New York’s Bagel Wars Continue
Updated Wednesday at 1:45pm
When the Forward reported in January that H&H Bagels was evicted from its iconic West 46th Street bakery — a move that followed the closing of its Upper West Side storefront — it looked like curtains for the beloved purveyor of doughy discs. New York bagel lovers mourned the closing like it was the death of their favorite uncle.
But late last week, it looked like second coming of H&H was imminent. A routine listing of new commercial leases in real-estate mag The Real Deal included 1,800 square feet at 125 Fulton Street, leased to one H&H Bagels. And Grub Street reported that new tenants filed with the New York City Department of Buildings to convert the existing retail space into a “new bagel store.”
But this morning, the Wall Street Journal tells us that while the new space will be called H&H Bagels — it won’t be the same bagel company that New Yorkers mourned earlier this year.
The new spot (which will become part of a chain) will be owned by Randy Narod, owner of the Long Island Bagel Café chain. But, former H&H owner Helmer Toro says Narod doesn’t have rights to use the H&H name, saying that the two had been in talks about a partnership, but nothing had been finalized. Narod, spat back in the New York Times saying that he purchased the trademark — and more importantly, the secret recipe — from Toro and hired him as a consultant, leading to a big doughy mess.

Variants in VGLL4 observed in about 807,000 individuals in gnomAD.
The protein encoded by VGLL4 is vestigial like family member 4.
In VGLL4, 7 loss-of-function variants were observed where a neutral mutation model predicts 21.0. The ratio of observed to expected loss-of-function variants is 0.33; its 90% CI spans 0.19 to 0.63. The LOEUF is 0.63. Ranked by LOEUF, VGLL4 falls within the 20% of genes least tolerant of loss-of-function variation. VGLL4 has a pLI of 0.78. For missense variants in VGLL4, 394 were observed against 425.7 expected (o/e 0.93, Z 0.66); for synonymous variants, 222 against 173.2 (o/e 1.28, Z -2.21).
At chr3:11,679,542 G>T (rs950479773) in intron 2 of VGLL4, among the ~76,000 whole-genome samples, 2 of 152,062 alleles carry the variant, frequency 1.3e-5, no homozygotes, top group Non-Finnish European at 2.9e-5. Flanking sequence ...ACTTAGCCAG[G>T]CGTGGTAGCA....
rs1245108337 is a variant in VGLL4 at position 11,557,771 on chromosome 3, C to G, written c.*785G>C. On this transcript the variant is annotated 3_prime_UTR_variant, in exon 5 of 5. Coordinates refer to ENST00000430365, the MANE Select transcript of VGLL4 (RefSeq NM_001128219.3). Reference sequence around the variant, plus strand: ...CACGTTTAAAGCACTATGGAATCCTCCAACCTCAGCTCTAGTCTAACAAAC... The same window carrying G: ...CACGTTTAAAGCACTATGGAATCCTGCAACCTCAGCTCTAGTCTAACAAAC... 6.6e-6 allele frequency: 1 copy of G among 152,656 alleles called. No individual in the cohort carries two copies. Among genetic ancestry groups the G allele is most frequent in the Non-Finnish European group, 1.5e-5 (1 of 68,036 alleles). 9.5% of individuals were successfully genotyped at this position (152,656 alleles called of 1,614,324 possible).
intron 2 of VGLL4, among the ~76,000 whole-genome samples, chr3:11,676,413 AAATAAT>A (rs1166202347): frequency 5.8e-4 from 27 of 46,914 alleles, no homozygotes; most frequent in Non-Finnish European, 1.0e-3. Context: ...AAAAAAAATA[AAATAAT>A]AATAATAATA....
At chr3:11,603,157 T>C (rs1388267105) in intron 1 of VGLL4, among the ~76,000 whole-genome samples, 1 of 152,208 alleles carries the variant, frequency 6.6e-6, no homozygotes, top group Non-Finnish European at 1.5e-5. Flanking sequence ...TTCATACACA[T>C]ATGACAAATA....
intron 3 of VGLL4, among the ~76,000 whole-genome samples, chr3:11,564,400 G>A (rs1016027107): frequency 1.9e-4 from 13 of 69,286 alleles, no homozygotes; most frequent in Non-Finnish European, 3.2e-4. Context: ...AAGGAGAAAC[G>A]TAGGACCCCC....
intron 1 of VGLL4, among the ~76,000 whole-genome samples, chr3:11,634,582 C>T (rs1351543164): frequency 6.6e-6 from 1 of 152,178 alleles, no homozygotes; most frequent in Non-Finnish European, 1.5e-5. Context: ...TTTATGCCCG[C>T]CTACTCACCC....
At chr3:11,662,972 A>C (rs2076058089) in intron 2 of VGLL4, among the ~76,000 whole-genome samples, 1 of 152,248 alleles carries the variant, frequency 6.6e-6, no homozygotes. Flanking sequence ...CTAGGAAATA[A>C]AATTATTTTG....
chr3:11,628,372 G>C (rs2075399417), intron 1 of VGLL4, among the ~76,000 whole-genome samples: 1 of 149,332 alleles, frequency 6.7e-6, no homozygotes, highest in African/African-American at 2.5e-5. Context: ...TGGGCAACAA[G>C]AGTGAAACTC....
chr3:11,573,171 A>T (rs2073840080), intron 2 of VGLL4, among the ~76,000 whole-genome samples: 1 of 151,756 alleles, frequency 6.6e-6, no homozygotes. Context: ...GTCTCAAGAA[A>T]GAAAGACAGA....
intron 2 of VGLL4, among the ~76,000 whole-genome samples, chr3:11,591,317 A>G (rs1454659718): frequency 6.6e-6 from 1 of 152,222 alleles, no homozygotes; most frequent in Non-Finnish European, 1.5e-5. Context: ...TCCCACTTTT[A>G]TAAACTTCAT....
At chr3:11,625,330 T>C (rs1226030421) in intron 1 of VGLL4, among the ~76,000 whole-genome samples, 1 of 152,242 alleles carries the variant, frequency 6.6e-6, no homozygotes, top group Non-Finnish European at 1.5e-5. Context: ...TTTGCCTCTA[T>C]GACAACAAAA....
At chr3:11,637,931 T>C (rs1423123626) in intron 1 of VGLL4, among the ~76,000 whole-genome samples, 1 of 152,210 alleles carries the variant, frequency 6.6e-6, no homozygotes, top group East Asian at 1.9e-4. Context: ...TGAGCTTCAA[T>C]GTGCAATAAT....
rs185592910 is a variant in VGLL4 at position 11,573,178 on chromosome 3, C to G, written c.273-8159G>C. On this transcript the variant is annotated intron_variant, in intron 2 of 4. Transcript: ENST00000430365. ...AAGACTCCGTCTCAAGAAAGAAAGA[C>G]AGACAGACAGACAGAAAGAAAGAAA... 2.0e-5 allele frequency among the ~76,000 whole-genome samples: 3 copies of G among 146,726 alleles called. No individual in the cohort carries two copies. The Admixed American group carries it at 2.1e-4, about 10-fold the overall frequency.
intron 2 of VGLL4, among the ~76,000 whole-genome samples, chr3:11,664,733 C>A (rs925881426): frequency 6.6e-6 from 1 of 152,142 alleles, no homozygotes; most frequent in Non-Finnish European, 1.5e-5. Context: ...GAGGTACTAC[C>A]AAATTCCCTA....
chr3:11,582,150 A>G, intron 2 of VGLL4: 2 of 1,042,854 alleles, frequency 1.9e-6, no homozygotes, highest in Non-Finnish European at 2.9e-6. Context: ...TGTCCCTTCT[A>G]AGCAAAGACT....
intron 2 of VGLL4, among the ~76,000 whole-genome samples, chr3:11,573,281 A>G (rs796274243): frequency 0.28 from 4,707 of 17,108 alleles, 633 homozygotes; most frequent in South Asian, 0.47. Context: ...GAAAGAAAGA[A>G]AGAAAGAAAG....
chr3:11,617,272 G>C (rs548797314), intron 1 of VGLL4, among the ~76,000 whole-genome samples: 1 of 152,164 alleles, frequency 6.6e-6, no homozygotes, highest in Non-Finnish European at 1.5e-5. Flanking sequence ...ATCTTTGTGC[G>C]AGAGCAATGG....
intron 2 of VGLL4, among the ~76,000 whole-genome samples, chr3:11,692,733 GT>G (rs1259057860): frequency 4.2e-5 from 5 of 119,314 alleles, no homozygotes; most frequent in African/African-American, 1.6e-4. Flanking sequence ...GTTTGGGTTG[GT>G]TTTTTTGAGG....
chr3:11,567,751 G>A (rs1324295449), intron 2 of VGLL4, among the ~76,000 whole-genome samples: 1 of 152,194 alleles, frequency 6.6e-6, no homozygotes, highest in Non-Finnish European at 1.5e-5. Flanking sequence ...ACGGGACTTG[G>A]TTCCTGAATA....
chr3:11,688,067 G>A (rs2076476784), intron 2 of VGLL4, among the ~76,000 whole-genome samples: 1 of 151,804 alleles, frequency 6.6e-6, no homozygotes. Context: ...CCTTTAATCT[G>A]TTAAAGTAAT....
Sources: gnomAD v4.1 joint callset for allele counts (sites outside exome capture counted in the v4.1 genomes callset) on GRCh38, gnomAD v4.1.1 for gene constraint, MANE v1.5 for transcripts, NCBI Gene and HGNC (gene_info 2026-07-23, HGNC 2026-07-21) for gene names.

No matter who the owner is, if H&H is revived, the bagel makers will face some tough new competition. Brooklyn’s nouveau deli Mile End will begin baking its own bagels come fall, Grub Street reported. Unlike H&H’s New York-style bagels, Mile End’s Noah Bernamoff will replicate the Montreal bagels of his (and my) youth — smaller, chewier, more flavorful. “Our goal is to make what I call an old-fashioned bagel. We want to take bagels back a notch, the same way we did with deli,” he told Grub Street.
One bagel connoisseur who won’t be lining up for them: Author and former New York Times food critic Mimi Sheraton, who’s made her distaste for Montreal bagels clear: “Montreal bagels are atrocious,” Sheraton told the Forward by e-mail. “I have tasted samples from the famed St. Viateur and Fairmount… No salt, but sugar — yuck. The rings are much too thin, and so encrusted with seeds of various sorts it’s like eating broken glass.”
So where can New Yorkers find decent bagels these days, asked the Forward? Across the pond, Sheraton said. “About seven years ago I had some good bagels in London, on Brick Lane.” Sheraton was referring to London institution Brick Lane Beigel Bake, which Time Out hails as “brilliant.” Maybe NYC vs. London is the next frontier in the bagel battles.